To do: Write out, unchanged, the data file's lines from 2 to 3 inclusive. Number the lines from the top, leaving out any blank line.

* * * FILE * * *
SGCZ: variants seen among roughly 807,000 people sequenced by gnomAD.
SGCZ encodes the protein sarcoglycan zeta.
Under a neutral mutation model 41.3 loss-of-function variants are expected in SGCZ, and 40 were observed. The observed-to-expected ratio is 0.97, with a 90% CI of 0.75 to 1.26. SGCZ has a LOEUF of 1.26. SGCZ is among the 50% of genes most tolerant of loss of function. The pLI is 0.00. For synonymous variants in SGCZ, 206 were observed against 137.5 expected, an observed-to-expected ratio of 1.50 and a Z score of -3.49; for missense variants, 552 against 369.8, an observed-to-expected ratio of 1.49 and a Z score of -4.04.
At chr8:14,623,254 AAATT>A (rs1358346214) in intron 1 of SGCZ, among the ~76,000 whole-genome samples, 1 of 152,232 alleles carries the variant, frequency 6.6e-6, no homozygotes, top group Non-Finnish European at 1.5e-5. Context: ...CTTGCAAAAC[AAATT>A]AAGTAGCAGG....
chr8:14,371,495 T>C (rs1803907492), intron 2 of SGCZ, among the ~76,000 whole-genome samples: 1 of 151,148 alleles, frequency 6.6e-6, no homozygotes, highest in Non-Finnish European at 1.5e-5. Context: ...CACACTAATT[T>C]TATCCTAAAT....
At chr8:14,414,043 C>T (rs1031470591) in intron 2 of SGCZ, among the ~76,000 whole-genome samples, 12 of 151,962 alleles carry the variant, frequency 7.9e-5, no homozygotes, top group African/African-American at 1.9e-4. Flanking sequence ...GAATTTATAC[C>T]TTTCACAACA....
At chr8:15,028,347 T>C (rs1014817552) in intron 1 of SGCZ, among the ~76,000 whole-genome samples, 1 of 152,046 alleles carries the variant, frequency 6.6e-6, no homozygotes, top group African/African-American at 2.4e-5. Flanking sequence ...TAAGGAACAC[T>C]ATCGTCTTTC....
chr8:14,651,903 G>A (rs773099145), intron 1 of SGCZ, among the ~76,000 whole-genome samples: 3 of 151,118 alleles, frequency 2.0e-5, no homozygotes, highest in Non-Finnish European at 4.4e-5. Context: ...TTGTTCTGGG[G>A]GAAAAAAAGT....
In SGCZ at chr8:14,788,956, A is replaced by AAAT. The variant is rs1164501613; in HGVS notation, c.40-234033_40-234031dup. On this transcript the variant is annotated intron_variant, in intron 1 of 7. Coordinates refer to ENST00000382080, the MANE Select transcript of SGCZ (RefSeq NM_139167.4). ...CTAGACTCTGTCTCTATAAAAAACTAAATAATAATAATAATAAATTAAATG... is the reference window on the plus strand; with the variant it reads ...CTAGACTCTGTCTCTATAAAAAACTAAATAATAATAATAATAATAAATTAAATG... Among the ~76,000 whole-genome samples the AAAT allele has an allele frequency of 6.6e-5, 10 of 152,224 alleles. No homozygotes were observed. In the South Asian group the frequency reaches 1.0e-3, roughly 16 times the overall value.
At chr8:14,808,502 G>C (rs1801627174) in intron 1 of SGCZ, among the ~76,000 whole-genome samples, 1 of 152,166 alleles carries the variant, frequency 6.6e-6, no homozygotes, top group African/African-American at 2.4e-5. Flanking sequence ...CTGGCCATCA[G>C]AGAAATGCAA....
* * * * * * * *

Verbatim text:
SGCZ encodes the protein sarcoglycan zeta.
Under a neutral mutation model 41.3 loss-of-function variants are expected in SGCZ, and 40 were observed. The observed-to-expected ratio is 0.97, with a 90% CI of 0.75 to 1.26. SGCZ has a LOEUF of 1.26. SGCZ is among the 50% of genes most tolerant of loss of function. The pLI is 0.00. For synonymous variants in SGCZ, 206 were observed against 137.5 expected, an observed-to-expected ratio of 1.50 and a Z score of -3.49; for missense variants, 552 against 369.8, an observed-to-expected ratio of 1.49 and a Z score of -4.04.